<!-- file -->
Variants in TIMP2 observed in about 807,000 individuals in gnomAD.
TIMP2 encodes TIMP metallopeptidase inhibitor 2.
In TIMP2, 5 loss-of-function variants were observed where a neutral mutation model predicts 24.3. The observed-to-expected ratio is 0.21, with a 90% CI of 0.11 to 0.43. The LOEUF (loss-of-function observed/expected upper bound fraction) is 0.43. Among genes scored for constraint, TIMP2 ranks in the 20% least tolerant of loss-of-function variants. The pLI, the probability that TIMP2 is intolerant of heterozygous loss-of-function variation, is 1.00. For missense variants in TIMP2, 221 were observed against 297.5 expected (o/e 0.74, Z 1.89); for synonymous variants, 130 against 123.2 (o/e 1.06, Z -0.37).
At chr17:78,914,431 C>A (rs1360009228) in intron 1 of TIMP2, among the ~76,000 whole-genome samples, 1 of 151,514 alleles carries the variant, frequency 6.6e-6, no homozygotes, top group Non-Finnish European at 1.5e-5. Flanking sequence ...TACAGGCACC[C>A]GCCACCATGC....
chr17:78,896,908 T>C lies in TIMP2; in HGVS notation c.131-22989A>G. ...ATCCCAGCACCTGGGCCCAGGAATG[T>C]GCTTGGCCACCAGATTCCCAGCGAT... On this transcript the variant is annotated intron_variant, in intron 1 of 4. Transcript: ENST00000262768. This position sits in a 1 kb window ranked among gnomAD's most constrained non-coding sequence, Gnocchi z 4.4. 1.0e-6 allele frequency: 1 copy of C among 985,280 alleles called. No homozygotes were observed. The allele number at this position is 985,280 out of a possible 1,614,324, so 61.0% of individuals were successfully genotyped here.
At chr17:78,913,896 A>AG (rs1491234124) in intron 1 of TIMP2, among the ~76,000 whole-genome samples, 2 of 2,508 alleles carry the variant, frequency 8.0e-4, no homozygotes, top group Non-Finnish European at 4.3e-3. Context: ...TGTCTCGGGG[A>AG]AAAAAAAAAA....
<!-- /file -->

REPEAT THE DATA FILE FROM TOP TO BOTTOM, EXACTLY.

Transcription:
Variants in TIMP2 observed in about 807,000 individuals in gnomAD.
TIMP2 encodes TIMP metallopeptidase inhibitor 2.
In TIMP2, 5 loss-of-function variants were observed where a neutral mutation model predicts 24.3. The observed-to-expected ratio is 0.21, with a 90% CI of 0.11 to 0.43. The LOEUF (loss-of-function observed/expected upper bound fraction) is 0.43. Among genes scored for constraint, TIMP2 ranks in the 20% least tolerant of loss-of-function variants. The pLI, the probability that TIMP2 is intolerant of heterozygous loss-of-function variation, is 1.00. For missense variants in TIMP2, 221 were observed against 297.5 expected (o/e 0.74, Z 1.89); for synonymous variants, 130 against 123.2 (o/e 1.06, Z -0.37).
At chr17:78,914,431 C>A (rs1360009228) in intron 1 of TIMP2, among the ~76,000 whole-genome samples, 1 of 151,514 alleles carries the variant, frequency 6.6e-6, no homozygotes, top group Non-Finnish European at 1.5e-5. Flanking sequence ...TACAGGCACC[C>A]GCCACCATGC....
chr17:78,896,908 T>C lies in TIMP2; in HGVS notation c.131-22989A>G. ...ATCCCAGCACCTGGGCCCAGGAATG[T>C]GCTTGGCCACCAGATTCCCAGCGAT... On this transcript the variant is annotated intron_variant, in intron 1 of 4. Transcript: ENST00000262768. This position sits in a 1 kb window ranked among gnomAD's most constrained non-coding sequence, Gnocchi z 4.4. 1.0e-6 allele frequency: 1 copy of C among 985,280 alleles called. No homozygotes were observed. The allele number at this position is 985,280 out of a possible 1,614,324, so 61.0% of individuals were successfully genotyped here.
At chr17:78,913,896 A>AG (rs1491234124) in intron 1 of TIMP2, among the ~76,000 whole-genome samples, 2 of 2,508 alleles carry the variant, frequency 8.0e-4, no homozygotes, top group Non-Finnish European at 4.3e-3. Context: ...TGTCTCGGGG[A>AG]AAAAAAAAAA....